What apps do you make use of in your professional life? I use Slack to quickly share files with other teams, and Trello for event planning.
Describe any impacts social media has had on the role you hold within your organisation. Social media lets me stay connected with my admin network. Connecting on LinkedIn is almost like the new business card, so I’m able to shoot a quick message over to say hello or ask a question. I will also use social media in my research when I’m working on projects for my boss. If I have to gather data on another company, it’s easy to find that information on the company’s LinkedIn, Twitter, or Facebook site.
I will also use social media in my research when I’m working on projects for my boss
Do you have an employer-provided smartphone? I did, but ultimately returned it. I hardly used it and opted to use my own instead. Tell us about both the positive and adverse impacts that 24:7 availability via smartphones, etc. may have had on your quality of life. It’s great to have an instant line to your team when you need it. It’s also a very handy tool when you’re not at your computer and your boss needs something quickly – for example, if they need to suddenly change a flight, having your phone makes that doable. I can see why people feel having your smartphone involved with your work pressures you to be “always on” and at the ready, but that’s where communication comes in. Settings boundaries isn’t easy for everyone, but it’s necessary and applicable to using your phone for work.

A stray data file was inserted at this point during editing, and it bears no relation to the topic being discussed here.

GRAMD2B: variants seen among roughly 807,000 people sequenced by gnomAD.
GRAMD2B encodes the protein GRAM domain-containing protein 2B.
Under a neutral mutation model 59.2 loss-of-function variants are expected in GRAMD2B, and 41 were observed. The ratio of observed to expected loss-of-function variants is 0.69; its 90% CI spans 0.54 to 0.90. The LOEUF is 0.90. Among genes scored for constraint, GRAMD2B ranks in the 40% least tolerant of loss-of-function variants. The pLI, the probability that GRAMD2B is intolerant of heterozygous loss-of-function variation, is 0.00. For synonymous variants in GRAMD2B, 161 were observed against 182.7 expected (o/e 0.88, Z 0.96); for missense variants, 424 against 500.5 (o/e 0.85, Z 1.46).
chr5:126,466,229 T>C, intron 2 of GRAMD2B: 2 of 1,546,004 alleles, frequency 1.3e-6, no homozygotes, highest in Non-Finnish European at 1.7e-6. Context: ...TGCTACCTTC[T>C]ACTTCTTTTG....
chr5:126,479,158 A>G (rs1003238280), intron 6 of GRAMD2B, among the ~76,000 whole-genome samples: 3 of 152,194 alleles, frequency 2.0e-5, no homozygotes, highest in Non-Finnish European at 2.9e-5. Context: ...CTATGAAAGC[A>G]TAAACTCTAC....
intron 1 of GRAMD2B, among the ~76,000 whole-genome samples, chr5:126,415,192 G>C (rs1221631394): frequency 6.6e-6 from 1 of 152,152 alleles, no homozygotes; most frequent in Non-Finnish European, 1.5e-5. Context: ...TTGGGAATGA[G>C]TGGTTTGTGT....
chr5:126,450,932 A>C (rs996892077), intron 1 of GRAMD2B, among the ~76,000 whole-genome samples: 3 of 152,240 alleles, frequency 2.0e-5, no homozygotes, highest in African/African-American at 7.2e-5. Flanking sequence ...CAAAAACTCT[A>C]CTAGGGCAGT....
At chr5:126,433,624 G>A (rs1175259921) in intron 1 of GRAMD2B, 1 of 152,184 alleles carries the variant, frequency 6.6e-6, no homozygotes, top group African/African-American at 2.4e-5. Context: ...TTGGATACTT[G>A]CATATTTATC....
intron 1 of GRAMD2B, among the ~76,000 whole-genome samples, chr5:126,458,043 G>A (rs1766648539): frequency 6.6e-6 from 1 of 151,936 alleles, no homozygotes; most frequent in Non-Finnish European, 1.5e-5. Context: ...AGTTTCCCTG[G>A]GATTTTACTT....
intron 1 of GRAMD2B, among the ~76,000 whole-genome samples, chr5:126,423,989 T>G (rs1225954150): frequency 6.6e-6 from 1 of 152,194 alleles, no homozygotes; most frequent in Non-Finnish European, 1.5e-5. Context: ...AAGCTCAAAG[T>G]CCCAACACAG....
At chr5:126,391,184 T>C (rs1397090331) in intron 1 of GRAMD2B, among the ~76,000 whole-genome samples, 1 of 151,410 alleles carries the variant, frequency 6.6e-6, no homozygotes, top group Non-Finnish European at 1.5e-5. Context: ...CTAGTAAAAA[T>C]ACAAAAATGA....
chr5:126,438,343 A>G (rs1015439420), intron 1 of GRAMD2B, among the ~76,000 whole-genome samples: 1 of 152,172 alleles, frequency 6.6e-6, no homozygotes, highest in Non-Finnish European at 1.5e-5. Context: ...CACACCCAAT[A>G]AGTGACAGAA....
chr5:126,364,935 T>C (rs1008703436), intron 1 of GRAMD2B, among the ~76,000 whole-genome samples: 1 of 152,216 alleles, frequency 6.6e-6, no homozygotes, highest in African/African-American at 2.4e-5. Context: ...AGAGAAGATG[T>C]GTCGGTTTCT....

Are the meetings you coordinate or attend primarily digital (relying on portals and/or PDFs of meeting materials), or paper-based? It’s a healthy combination. We have in-house and remote employees, so we will gather in a conference room and use GoToMeeting, Adobe Connect, or any conferencing service to bring everyone together. Digital copies of the presentation materials are distributed, but paper copies are usually provided in-house as well.
Digital Innovation and Disruption
Let’s talk about the pace of change in the admin. world in general. We live for innovation and disruption in my company. We firmly believe in “eating and dreaming,” which means we tackle our short-term goals (eating) all while thinking of the next big thing (dreaming). Our team members are excited about innovation, as we strive to serve our students the best online education experience, period. One of our core values is having every brain in the game; we encourage any team member to contribute their ideas and get involved with implementation. And when innovation comes, it’s all hands on deck to get it lined up and ready to quickly deploy.
What about the impact of Digital Assistants/AI (Artificial Intelligence) resources such as Siri and OK Google and more? Our current and prospective student base will benefit from AI-based assistants that can quickly answer their basic questions right on our website, allowing our staff to spend more time on building relationships.
We live for innovation and disruption in my company
AI, Digital Assistants and the IOT: Their Impacts on this Career
It’s not unusual to read that Artificial Intelligence (AI) will increasingly impact employment prospects across a range of occupations. What forms of professional development would you recommend to assistants who want to ensure their roles remain relevant and rewarding in this digital age? I feel it’s worth getting right into the arena when it comes to the digital age, artificial intelligence, and machine learning; find some great courses online. Lynda.com and Udemy are both user-friendly platforms with a host of developmental material. Many fantastic administrative allies, such as Office Dynamics and Chrissy Scivique, have free monthly webinars.